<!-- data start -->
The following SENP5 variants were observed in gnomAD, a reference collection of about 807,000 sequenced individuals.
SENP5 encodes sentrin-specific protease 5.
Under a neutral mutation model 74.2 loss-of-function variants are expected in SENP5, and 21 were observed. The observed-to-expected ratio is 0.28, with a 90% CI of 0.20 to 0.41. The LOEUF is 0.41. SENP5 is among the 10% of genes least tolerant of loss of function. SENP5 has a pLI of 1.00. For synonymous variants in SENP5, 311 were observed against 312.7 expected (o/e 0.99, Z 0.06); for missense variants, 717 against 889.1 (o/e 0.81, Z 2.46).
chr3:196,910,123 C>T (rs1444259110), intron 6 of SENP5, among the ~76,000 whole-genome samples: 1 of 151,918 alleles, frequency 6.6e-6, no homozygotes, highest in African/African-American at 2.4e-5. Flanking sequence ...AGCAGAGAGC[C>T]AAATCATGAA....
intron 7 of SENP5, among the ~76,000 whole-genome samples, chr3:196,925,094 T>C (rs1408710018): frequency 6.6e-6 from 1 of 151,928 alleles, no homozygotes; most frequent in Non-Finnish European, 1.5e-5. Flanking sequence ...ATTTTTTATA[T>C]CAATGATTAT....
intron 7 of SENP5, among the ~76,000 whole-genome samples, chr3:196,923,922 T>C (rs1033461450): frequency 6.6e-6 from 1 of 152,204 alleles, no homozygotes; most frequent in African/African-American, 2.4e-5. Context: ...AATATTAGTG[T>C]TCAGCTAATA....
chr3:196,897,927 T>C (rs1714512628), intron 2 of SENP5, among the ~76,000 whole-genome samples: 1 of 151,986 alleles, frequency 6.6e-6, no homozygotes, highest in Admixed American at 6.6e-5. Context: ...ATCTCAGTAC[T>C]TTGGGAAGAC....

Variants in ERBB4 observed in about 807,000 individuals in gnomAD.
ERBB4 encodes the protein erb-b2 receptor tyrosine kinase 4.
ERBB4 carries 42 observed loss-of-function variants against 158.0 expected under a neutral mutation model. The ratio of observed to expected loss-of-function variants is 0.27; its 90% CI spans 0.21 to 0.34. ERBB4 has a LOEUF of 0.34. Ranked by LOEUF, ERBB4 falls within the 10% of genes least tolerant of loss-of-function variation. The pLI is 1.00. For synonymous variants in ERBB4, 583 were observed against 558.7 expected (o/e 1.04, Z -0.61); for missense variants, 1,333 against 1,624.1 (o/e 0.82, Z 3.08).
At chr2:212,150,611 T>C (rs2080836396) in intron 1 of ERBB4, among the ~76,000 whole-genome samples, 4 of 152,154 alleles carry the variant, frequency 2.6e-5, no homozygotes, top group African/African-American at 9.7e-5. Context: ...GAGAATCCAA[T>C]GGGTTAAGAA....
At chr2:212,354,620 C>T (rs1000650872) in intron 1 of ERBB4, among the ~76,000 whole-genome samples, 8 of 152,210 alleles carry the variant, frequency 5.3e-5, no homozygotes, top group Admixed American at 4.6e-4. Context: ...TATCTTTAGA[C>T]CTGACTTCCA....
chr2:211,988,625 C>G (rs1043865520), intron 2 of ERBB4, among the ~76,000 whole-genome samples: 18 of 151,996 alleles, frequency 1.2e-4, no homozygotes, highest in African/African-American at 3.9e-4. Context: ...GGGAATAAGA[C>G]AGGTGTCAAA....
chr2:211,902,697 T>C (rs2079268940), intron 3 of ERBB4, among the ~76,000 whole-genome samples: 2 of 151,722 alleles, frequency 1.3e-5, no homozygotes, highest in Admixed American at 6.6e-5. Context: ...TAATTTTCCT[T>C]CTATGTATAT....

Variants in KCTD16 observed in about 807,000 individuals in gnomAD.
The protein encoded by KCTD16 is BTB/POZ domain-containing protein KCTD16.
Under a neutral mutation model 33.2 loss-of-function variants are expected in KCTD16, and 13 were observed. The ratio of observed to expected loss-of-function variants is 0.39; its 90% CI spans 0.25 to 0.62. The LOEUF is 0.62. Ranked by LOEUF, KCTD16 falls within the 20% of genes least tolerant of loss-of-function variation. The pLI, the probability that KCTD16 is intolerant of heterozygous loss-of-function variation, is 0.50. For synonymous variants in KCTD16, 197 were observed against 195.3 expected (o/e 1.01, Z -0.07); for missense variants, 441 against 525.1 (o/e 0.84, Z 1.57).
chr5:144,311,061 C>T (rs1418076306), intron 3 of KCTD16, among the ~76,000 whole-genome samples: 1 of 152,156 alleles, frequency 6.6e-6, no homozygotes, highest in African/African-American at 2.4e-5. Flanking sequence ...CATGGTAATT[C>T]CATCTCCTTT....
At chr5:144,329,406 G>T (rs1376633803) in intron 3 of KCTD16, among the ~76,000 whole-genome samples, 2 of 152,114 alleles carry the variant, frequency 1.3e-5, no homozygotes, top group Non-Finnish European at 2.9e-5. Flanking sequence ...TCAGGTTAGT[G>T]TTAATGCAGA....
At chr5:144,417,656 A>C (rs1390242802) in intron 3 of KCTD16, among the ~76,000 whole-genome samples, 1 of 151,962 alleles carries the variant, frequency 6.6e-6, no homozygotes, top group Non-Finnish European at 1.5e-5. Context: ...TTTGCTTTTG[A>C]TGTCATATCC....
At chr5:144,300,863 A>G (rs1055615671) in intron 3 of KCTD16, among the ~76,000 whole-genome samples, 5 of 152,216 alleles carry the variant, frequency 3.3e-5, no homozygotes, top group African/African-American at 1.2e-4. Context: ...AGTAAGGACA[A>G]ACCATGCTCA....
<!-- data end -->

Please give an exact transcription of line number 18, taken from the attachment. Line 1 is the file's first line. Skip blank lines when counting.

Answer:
chr5:144,311,061 C>T (rs1418076306), intron 3 of KCTD16, among the ~76,000 whole-genome samples: 1 of 152,156 alleles, frequency 6.6e-6, no homozygotes, highest in African/African-American at 2.4e-5. Flanking sequence ...CATGGTAATT[C>T]CATCTCCTTT....